Brown proposes to end the redevelopment agencies, while giving local governments more power to promote economic development themselves by amending the state constitution so that local voters can approve tax increases and general obligation bonds by a 55 percent majority rather than the two-thirds required now.

Those planning tomorrow’s press event insist this is the kind of state raids of local funds that voters oppose, and will bring little benefit to the state while destroying hundreds of thousands of jobs – including an estimated 29,000 in the East Bay – and billions in local economic activity.

But as these local officials – acting as part of a coalition of local governments and business groups – take their complaints to the street, the nonpartisan Legislative Analyst’s Office released a report today saying Brown’s plan is the way to go, shifting responsibility for local economic development to local governments with a level of transparency that’s been lacking with the redevelopment agencies:

Given the significant policy shortcomings of California’s redevelopment program, we agree with the Governor’s proposal to end it and to offer local governments alternative tools to finance economic development. Under this approach, cities and counties would have incentives to consider the full range of costs and benefits of economic development proposals.

In contrast with the administration’s proposal, however, we think revenues freed up from the dissolution of redevelopment should be treated as what they are: property taxes. Doing so avoids further complicating the state’s K–14 financing system or providing disproportionate benefits to K–14 districts in those counties where redevelopment was used extensively. Treating the revenues as property taxes also phases out the state’s ongoing costs for this program and provides an ongoing budget solution for the state.

Ordinarily, we would recommend that the state phase out this program over several years or longer to minimize the disruption an abrupt ending likely would engender. Given the state’s extraordinary fiscal difficulties, however, the Legislature will need to weigh the effect of this disruption in comparison with other major and urgent changes that the state would need to make if this budget solution were not adopted.

2

Barbara Lee takes alt-energy tour

Rep. Barbara Lee, D-Oakland, was up in Berkeley this morning to visit PolyPlus Battery Company, which is developing lightweight, nontoxic lithium batteries that use seawater or air to produce clean energy.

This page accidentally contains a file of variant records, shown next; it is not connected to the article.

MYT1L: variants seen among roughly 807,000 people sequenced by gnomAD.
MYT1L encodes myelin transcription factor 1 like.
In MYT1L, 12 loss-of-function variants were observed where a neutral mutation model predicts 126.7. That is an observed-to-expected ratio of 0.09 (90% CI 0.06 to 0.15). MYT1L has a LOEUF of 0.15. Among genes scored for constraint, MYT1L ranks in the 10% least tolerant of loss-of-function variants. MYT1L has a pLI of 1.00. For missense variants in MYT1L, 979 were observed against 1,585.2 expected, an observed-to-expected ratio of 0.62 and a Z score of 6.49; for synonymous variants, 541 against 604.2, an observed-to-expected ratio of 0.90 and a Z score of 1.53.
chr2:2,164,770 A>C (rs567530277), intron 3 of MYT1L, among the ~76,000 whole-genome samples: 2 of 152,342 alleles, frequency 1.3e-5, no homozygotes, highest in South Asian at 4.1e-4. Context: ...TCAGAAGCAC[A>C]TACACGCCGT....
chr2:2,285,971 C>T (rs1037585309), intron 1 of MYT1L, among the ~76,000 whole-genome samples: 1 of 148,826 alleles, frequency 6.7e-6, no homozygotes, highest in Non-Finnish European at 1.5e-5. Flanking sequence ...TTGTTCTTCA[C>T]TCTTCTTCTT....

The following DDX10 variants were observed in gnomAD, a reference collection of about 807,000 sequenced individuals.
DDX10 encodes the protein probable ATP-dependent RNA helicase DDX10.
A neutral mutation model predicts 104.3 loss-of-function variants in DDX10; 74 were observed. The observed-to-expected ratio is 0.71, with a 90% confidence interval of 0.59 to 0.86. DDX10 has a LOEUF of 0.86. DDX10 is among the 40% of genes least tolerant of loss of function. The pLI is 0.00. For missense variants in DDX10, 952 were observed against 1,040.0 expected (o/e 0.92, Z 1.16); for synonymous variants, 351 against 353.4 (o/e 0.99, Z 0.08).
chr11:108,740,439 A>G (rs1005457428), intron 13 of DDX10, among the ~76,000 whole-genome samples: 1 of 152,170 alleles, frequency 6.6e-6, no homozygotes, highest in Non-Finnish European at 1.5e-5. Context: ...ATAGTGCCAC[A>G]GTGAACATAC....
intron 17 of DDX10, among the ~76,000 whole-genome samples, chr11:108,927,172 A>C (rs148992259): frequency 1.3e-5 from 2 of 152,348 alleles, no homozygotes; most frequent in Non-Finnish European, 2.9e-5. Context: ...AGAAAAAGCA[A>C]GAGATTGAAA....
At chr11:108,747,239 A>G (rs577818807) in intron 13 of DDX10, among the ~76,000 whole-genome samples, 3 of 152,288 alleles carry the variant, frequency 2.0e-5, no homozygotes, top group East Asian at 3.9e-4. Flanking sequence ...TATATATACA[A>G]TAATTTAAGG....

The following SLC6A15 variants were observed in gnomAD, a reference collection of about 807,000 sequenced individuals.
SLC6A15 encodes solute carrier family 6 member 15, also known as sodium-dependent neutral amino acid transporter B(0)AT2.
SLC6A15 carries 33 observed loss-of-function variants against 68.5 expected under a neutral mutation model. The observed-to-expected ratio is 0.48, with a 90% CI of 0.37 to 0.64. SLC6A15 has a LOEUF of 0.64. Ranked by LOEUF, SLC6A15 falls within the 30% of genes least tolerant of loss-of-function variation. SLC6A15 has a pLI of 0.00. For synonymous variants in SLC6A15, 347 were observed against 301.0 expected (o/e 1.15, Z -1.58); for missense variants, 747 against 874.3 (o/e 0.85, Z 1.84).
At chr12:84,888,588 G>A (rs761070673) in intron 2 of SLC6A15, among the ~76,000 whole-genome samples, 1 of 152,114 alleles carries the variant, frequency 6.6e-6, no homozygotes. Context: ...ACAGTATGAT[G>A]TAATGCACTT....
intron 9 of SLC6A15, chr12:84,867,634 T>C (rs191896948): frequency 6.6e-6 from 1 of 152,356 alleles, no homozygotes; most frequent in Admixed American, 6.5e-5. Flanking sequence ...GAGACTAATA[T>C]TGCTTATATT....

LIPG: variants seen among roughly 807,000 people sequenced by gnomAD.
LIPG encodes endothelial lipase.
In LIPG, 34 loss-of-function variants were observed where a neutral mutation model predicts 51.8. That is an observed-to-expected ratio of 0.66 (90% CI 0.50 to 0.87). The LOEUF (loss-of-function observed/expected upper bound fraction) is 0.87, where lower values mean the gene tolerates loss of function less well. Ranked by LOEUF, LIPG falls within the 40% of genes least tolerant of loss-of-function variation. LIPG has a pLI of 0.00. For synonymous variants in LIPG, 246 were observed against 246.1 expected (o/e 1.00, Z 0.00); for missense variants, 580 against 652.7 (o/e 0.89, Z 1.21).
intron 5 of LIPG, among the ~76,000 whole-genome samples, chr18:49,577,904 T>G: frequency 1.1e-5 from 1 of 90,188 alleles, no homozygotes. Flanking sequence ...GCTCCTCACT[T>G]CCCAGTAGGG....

PolyPlus batteryChief Technical Officer and Vice President Steven Visco demonstrated one by dropping a battery attached to an LED light bulb into a glass of water; that light would stay on for two and a half to three months, he said. A bundle of the batteries weighs only 24 grams, he noted, while the dozen or so standard AA batteries required to produce an equivalent amount of energy would weigh 340 grams and a standard lithium cell would weigh 240 grams.

These batteries are going to revolutionize marine energy needs including deep-sea exploration, Visco said; they’re getting close to commercial production techniques for another version of their battery that uses air rather than seawater.

PolyPlus just a few weeks ago landed a grant of almost $5 million from the U.S. Department of Energy’s Advanced Research Projects Agency-Energy (ARPA-E), funded through the American Recovery and Reinvestment Act, to develop a rechargeable version of the lithium-air battery for use in electric vehicles.

“It will take time,” Visco cautioned. “Any new battery chemistry is going to take a while to get from small devices – laptops, cell phones – to electric vehicles.”

And there will be applications beyond that, he promised, noting the 35 pounds of batteries U.S. troops often must carry now could be reduced to one-tenth that weight.

PolyPlus, founded in 1991 as a spinoff from Lawrence Berkeley National Laboratory, remains a small firm but has trained people with little or no scientific expertise to undertake the company’s work, Visco said; now they’re seeking venture capital to launch a production facility, also in Berkeley, that could create a host of new jobs.

After PolyPlus, Lee visited the Joint Bio-Energy Institute in Emeryville, a partnership led by the Lawrence Berkeley National Laboratory that has received $7.6 million in federal funding for development of next generation bio-fuels. And then she visited Amyris Biotechnologies in Emeryville, which has received $24 million in stimulus grants to support its efforts to create renewable fuels and chemicals.

After that, Lee spoke this afternoon at the Alameda County Transgender Health and Resource Conference in Oakland’s Preservation Park, an event is designed to connect the transgender community with community resources outside of the scope of HIV/AIDS testing.